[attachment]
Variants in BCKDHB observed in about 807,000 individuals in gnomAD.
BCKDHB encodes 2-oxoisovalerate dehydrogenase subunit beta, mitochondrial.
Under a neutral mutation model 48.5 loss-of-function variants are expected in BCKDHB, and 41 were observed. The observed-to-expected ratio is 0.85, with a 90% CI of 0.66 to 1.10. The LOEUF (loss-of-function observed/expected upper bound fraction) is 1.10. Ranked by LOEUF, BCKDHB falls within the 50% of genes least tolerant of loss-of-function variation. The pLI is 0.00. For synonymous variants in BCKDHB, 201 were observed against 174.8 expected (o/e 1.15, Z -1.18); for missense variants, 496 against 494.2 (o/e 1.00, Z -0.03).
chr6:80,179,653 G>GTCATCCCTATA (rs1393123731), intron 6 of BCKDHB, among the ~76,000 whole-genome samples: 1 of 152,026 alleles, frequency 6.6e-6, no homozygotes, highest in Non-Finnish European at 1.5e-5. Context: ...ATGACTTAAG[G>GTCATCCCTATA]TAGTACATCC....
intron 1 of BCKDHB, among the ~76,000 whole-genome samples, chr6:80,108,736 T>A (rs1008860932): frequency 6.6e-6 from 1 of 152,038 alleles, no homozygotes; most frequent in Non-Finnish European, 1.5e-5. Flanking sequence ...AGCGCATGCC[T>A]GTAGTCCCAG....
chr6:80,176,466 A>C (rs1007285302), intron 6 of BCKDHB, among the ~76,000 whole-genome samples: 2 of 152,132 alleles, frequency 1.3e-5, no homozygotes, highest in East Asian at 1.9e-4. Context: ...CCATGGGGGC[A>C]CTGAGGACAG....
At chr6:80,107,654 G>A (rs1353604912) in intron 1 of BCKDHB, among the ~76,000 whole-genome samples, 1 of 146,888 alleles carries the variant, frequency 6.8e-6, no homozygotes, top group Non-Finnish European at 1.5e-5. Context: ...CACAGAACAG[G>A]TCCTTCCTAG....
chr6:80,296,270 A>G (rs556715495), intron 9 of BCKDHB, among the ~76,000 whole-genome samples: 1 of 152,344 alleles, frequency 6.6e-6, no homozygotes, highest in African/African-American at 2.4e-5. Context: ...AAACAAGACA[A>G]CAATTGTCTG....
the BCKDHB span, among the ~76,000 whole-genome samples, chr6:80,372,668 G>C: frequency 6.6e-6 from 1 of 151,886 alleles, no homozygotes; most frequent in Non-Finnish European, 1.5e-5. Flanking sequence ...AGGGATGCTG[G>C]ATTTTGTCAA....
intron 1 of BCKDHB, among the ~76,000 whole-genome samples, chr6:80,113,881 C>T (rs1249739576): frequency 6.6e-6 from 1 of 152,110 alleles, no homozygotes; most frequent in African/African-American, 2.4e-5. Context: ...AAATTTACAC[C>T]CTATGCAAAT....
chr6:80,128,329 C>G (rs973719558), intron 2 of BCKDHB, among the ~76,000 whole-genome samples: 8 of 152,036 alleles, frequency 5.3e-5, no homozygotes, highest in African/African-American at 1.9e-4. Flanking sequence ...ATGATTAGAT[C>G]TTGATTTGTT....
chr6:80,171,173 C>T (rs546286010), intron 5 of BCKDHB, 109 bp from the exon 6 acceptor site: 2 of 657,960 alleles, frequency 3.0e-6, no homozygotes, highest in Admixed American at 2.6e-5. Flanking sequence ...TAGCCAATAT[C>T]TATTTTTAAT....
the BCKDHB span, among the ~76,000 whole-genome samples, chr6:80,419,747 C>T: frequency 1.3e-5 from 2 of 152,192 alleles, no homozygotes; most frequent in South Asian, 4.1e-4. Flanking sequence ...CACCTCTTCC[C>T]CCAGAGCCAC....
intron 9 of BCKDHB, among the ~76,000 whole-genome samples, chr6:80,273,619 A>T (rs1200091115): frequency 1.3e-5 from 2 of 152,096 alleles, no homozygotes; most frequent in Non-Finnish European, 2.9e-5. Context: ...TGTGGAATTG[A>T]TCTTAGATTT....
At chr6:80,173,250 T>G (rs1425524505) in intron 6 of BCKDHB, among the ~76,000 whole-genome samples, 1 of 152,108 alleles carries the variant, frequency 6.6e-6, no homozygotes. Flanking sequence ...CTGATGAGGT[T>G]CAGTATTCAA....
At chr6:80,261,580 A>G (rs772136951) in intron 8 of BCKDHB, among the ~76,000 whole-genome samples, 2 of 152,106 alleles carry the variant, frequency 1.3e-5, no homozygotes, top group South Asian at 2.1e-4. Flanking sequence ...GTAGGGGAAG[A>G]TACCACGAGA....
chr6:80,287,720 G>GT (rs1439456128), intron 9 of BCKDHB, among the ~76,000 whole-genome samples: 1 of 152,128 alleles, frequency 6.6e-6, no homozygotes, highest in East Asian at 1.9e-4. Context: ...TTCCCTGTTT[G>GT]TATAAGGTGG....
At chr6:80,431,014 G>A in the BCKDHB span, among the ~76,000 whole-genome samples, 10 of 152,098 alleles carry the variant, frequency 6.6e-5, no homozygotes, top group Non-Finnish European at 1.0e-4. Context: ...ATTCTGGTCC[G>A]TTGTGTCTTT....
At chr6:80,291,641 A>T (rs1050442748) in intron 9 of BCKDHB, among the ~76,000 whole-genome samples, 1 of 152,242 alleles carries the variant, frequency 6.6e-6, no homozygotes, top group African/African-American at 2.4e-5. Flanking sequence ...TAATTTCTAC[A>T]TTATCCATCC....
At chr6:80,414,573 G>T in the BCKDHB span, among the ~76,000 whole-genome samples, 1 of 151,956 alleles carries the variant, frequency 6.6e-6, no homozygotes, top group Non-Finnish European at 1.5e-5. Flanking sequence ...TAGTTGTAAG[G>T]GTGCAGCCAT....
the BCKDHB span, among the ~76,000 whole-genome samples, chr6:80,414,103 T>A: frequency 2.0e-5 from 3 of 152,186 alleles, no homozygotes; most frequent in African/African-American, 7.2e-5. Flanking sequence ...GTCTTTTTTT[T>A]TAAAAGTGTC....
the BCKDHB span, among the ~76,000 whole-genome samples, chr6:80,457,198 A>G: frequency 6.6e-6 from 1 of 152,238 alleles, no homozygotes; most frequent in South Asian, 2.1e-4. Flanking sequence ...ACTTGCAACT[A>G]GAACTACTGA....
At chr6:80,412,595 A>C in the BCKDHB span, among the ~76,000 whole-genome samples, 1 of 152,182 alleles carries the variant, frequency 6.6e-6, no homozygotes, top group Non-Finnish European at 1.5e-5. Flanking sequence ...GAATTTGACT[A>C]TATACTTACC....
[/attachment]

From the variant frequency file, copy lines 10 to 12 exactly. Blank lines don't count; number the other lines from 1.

intron 1 of BCKDHB, among the ~76,000 whole-genome samples, chr6:80,113,881 C>T (rs1249739576): frequency 6.6e-6 from 1 of 152,110 alleles, no homozygotes; most frequent in African/African-American, 2.4e-5. Context: ...AAATTTACAC[C>T]CTATGCAAAT....
chr6:80,128,329 C>G (rs973719558), intron 2 of BCKDHB, among the ~76,000 whole-genome samples: 8 of 152,036 alleles, frequency 5.3e-5, no homozygotes, highest in African/African-American at 1.9e-4. Flanking sequence ...ATGATTAGAT[C>G]TTGATTTGTT....
chr6:80,171,173 C>T (rs546286010), intron 5 of BCKDHB, 109 bp from the exon 6 acceptor site: 2 of 657,960 alleles, frequency 3.0e-6, no homozygotes, highest in Admixed American at 2.6e-5. Flanking sequence ...TAGCCAATAT[C>T]TATTTTTAAT....